Commentary: Of national pride
Baguio City (1 December) -- On the latest Pulse Asia Survey saying that one in every three Filipinos wants to move to another country and almost one quarter believes the Philippines is hopeless, poisoned politics is the root of the ripple of pessimism in the country right now, but this is being dented by growing confidence in the economy and the brightening prospects for next year.
The disgust of the people over the politics of personality, hatred and destabilization is evident, as they themselves witness how these pull down the economy and distract the momentum of our fight against abject poverty, the root of hopelessness.
Government acknowledges the sacrifice of Filipinos seeking better opportunities abroad, for their families and for the country, but it is not stopping to look for ways to keep them home by aiming at a strong economy generating well paying jobs.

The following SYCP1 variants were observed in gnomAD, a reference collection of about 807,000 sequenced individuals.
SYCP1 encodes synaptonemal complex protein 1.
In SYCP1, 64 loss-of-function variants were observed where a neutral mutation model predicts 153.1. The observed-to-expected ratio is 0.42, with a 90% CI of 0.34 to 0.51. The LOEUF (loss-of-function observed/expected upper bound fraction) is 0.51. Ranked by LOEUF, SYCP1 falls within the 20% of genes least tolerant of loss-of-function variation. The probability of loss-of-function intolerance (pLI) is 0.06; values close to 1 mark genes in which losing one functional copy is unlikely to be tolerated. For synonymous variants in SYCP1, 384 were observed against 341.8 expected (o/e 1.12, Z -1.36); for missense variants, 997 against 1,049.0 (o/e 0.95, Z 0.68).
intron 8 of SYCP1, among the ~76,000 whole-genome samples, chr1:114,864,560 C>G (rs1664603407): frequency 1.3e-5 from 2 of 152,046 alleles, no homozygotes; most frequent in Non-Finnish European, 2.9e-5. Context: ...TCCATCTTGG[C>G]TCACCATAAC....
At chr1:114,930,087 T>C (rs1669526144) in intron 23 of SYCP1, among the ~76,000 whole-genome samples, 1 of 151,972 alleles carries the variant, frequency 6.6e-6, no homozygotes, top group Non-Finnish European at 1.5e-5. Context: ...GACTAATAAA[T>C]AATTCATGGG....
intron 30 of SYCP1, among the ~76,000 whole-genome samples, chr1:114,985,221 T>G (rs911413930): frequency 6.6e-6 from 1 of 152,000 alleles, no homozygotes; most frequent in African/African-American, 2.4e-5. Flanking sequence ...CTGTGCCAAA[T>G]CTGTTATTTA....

Meanwhile, President Arroyo has expressed concern over the remarks of "an ally and good friend," Prime Minister Thaksin. She has directed the officials of the games to conduct a thorough and impartial investigation into the matter and submit an official report within 24 hours.
The leadership and officials of the games must see to it that the charge is promptly and thoroughly investigated, and immediately put out the results of the probe before the whole atmosphere turns sour. It is everyone's duty to be just and fair without bias towards any country or team. Sobriety and prudence are called for. We must treasure the solidarity and friendship among the competitors and their respective nations-as a tribute to the Southeast Asian neighborhood to which we all belong.
At the same time, we must not let this dampener sink the spirits of our athletes and dilute national pride. We must keep a high moral ground so that national pride in our victories will have weight and meaning. (PIA) [top]